And How My Story Extended Hers
Lately, I’ve been having some challenging conversations with a friend concerning the ongoing inspiration I find in what my parents told me (many years ago now) about their own lives—particularly their lives before my existence. “You have your own experiences, your own perspective, not to mention your own vivid imagination,” my friend says. “Why do you feel the need to carry the burden of your parents’ stories? Are you setting aside your own material, better, more immediate material, trying to keep them alive?”
Her questions have left me shaken. They’ve made me reflect again on that frequent question: where do your ideas come from as a writer? And, yes, for me, some of those ideas have been influenced by the stories my parents told me, and the stories my parents didn’t tell me—the ones I only learned after my mother’s passing (she died when I was fourteen years old, and was a notably reserved woman before that time). The ones I only learned from others who knew her, in so many ways, better than I ever got the chance.
My dad, the verbose one in our little family of three, was a fabulous storyteller—a performer, actually. Our after dinner-ritual consisted of me asking him for a story from his childhood or from his time as a soldier in WWII, and him exuberantly complying. And all the while, my mother would typically be found at the kitchen sink, washing up the dishes.
My mother was dying of cancer when she told me that she had been married once before she married my father, to her childhood sweetheart who died in WWII. She told me to keep that information to myself. My father knew it, but it troubled him. She didn’t tell me anything else. Years later, her sister and her cousins shared photographs and details. They were the ones who told me about her terrible depression after her young husband’s death. They told me that one day she pulled herself up and got herself out of Oklahoma—the first woman in the family to travel across the country (to California) in order to pursue her college education. It always seemed to me a mythical journey. Given her nature and the era and the kind of family in which she was raised, I imagine the effort she expended was Herculean. This aspect of her life became the thing I held on to (hold on to), when I missed her and needed inspiration upon encountering my own specific challenges.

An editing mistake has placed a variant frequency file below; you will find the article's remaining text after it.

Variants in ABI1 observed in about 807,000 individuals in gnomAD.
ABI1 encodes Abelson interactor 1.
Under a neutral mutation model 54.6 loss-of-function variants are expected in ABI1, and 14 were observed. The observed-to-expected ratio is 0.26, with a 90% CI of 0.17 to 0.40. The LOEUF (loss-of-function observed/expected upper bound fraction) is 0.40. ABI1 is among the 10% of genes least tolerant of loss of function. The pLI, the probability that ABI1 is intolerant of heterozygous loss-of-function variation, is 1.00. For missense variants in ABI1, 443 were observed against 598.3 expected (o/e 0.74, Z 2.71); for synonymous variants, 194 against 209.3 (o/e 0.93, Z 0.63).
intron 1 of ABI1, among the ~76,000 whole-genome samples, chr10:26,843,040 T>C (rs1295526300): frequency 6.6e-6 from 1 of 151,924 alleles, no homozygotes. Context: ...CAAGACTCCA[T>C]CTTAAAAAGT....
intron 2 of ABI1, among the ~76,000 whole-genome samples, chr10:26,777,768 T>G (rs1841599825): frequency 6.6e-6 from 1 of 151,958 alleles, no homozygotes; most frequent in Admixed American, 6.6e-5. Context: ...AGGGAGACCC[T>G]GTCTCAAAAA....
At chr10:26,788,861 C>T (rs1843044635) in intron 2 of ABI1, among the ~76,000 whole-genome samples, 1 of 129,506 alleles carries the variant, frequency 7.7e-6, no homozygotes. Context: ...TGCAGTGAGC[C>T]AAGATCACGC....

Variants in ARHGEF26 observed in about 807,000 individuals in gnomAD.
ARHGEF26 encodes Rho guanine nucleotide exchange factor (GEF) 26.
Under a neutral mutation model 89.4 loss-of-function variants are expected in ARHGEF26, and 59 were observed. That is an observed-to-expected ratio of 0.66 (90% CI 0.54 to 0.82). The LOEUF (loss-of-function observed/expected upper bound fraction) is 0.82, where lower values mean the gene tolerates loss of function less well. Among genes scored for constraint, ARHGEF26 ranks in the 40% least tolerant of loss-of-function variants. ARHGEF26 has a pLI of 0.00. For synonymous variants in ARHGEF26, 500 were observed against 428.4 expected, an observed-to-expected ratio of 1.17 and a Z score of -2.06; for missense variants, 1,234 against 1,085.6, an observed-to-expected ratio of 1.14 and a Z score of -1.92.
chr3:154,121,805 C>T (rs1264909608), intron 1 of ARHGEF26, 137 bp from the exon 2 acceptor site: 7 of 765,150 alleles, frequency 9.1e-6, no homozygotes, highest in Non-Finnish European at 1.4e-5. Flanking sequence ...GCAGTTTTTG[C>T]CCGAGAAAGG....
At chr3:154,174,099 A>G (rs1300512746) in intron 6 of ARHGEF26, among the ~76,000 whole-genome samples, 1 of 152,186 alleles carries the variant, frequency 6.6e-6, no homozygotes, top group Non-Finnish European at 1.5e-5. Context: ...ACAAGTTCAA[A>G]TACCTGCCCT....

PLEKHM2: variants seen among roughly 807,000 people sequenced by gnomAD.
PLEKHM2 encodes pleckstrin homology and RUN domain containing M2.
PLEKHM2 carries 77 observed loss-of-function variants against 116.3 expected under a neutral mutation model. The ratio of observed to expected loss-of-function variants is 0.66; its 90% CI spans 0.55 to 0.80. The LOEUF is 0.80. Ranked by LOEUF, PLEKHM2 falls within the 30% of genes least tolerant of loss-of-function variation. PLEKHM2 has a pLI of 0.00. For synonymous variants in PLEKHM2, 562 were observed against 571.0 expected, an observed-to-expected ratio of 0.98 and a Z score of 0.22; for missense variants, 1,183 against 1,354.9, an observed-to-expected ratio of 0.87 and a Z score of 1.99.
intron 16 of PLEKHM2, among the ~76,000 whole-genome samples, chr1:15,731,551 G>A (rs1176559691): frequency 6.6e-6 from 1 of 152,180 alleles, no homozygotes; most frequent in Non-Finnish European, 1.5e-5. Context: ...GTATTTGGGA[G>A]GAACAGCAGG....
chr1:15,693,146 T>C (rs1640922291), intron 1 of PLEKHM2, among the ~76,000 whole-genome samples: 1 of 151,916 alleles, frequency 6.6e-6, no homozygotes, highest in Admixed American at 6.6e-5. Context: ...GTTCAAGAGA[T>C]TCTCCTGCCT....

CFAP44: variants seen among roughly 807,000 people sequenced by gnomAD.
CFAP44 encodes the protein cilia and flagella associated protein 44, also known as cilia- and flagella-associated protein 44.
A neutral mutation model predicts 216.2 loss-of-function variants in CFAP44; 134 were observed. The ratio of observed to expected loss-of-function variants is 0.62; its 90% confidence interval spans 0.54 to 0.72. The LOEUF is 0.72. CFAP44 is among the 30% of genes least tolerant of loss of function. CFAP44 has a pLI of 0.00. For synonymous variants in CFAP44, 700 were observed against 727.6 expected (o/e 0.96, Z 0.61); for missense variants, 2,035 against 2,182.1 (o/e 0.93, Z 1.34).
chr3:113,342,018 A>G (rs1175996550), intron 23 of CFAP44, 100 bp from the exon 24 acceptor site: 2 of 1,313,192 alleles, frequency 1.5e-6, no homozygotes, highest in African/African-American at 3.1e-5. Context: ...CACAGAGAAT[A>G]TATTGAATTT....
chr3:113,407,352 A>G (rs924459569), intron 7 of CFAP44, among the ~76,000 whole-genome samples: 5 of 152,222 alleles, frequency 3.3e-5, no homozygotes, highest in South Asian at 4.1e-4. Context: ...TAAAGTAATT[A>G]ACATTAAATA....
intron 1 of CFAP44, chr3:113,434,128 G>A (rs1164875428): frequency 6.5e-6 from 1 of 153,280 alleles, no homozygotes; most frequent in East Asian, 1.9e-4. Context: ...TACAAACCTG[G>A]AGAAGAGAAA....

The thing I tell myself, the thing I want to tell my friend is this: the stories my parents told me are not etched in stone, fixed and unchanging. The stories my parents told me evolve as I evolve, and, when I choose to draw upon them as a writer, they become most malleable, influenced by the present and my wonderings about the future. In the case of my forthcoming novel, BROKEN GROUND (S&S/Howard Books, 5/16), my mother’s loss and her journey west took on a whole other dimension when I began doing research on the Dustbowl Refugees of the 1930s. I learned something I never knew: during the 1930s, a large number of people of Mexican heritage, many of whom were citizens of the United States, were deported without due process to provide jobs for “real Americans.” Some say the number of these deportations was as high as one to two million. Families were separated. Homes and businesses lost. Without any real warning, people, some of who spoke only English, were carted off in trains and buses and driven south of the border.
This information collided with my mother’s story and made another story altogether. Why? Well, I wanted to understand more about this event. I wanted to know why I KNEW NOTHING ABOUT IT. Also, and with more to-the-bone immediacy, there’s the fact of my own children. My husband and I adopted our two kids from Guatemala. I am a different person because of this fact. Certain assumptions aren’t there any more. I care differently about what and whose stories are told, and what and whose stories aren’t told, and how they’re interpreted and dismissed.